|Do you think that the lack of feedback does not represent a problem for learning?||M: No! It is a great problem! A: Yes, because we do not know how to correct it and if we are doing it right. M: Yes, it really lacks feedback and I don't know if they will correct the activities in the end. And I think that it is a big mistake because if we start making a mistake in the first unit and it is corrected in the end, we will carry out the other activities with the same mistakes and that activity will be scored zero until they correct it. A: So far, we have received no feedback, so we don't know if we got the audio right and how the feedback will be. M: But I am almost in the end. M: Nothing, and I am almost in the end... Each level is divided into three sublevels and each sublevel is divided into 8 weeks, at least that's how it is in mine. And you see I am in the end, there is one week lacking to finish the course and I still haven't received any feedback, neither for the audio nor for the descriptive activity.|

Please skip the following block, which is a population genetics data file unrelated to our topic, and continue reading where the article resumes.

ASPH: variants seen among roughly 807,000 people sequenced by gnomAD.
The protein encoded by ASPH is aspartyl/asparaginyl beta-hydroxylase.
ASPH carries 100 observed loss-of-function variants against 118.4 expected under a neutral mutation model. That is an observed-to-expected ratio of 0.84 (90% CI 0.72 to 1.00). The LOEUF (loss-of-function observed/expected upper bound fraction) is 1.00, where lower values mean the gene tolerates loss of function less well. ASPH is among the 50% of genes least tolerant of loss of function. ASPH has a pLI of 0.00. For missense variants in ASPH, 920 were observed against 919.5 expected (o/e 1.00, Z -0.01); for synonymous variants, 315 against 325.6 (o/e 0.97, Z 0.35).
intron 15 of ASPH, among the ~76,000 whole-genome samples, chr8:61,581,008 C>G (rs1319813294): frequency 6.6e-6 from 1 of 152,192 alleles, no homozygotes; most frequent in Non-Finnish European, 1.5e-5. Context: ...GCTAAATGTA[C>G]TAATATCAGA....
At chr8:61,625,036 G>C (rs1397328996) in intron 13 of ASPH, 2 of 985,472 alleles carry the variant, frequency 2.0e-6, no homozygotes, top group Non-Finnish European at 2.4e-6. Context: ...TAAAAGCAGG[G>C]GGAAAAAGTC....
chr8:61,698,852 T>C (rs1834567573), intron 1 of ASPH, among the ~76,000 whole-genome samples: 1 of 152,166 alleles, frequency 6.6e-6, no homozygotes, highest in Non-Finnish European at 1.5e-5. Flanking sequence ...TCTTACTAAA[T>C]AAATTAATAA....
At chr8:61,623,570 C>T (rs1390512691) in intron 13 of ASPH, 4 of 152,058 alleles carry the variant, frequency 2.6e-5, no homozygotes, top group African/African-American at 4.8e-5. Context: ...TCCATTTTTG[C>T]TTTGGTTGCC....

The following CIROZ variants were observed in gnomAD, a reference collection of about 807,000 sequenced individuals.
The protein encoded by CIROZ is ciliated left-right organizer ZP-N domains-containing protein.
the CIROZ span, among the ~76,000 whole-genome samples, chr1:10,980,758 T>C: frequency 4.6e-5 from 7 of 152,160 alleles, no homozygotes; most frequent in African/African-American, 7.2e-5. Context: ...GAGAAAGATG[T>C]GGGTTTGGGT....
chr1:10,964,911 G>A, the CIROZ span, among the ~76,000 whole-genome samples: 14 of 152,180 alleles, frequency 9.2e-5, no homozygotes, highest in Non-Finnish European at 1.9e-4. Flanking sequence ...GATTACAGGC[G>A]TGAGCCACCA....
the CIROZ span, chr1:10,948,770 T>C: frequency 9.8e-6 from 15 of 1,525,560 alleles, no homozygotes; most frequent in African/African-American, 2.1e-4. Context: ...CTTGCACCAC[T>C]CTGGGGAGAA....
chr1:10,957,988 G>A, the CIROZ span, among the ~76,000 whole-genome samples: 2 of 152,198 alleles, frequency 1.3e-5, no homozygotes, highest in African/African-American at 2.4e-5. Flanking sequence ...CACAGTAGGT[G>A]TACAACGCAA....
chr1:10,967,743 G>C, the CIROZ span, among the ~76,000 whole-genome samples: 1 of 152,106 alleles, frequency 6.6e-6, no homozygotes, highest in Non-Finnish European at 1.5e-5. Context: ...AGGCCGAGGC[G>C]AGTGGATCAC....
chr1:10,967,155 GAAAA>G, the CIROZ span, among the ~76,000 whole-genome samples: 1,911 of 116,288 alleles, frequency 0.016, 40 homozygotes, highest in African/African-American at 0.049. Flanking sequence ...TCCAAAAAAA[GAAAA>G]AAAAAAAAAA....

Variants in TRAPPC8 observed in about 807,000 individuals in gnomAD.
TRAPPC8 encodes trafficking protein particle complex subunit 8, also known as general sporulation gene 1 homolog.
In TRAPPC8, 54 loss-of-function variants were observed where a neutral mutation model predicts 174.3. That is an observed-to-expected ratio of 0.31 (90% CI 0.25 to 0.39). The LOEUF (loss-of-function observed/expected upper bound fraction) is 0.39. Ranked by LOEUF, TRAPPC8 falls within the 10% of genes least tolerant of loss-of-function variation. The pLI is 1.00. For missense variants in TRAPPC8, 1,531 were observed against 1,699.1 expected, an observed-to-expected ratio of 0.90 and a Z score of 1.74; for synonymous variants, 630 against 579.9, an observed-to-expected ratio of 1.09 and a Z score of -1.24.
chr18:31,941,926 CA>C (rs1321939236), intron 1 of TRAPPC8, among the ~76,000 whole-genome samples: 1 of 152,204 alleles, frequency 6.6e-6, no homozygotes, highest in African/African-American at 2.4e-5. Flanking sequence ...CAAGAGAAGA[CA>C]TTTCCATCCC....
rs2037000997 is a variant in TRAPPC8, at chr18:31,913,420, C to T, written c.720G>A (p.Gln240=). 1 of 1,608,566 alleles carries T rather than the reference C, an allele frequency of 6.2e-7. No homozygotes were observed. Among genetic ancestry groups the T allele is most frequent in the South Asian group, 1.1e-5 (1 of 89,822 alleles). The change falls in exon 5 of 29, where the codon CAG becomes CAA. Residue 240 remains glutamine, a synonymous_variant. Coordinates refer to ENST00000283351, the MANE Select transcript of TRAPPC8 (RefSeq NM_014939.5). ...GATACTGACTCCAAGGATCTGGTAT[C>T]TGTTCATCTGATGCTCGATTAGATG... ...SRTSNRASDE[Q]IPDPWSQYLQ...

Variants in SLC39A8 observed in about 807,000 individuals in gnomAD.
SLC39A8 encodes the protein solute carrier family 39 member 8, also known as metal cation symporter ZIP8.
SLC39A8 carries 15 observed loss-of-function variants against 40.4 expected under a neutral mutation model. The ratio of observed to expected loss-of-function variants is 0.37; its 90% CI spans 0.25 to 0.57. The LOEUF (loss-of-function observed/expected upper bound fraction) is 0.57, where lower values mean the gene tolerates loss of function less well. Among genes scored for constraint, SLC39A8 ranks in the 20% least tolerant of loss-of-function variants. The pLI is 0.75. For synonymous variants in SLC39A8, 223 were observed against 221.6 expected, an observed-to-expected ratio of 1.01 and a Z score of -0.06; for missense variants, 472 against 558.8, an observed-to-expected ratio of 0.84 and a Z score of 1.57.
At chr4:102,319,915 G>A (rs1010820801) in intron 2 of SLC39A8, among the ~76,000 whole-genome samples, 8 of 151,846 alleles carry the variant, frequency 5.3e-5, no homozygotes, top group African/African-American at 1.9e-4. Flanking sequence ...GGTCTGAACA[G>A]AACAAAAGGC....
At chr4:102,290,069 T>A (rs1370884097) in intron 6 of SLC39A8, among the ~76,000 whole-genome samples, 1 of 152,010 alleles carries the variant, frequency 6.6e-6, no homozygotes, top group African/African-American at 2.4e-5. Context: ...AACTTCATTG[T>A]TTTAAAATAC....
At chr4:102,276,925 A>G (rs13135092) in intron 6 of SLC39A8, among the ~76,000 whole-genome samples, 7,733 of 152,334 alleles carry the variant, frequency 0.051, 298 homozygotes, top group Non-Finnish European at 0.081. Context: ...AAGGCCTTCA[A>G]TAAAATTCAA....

|So the main problem is in relation to the productive activities such as speaking and writing, is that correct?||C: Yeap. M: Yes, I don't know if the grade will affect it in the end. I don't think so, I think there will be just a final test in the end and I think it is even possible to skip a few activities. C: No, but in terms of learning, we are at loss because of that... M: Yeah, we lose. C: ... you do the first week, and you record the theme of that week in audio and then go to the next week. [...] If they only correct it in the end, things from week one, you will have to go back. M: Yes, as I said before. C: I think learning is affected by that because there is no answer about the theme you are working on. C: Sometimes you keep making the same mistakes and bringing them forward with you. C: For example, if you learned the verb to be wrong, you will use it wrong in all the activities after that. If you are not corrected in the beginning, you keep making the same mistake and bringing it with you till the end. C: Yes it does create fossilization, doesn't it? M: I agree, as I said, if you don't correct it in the beginning, what can you do? How can we improve if we don't know what is right and wrong?|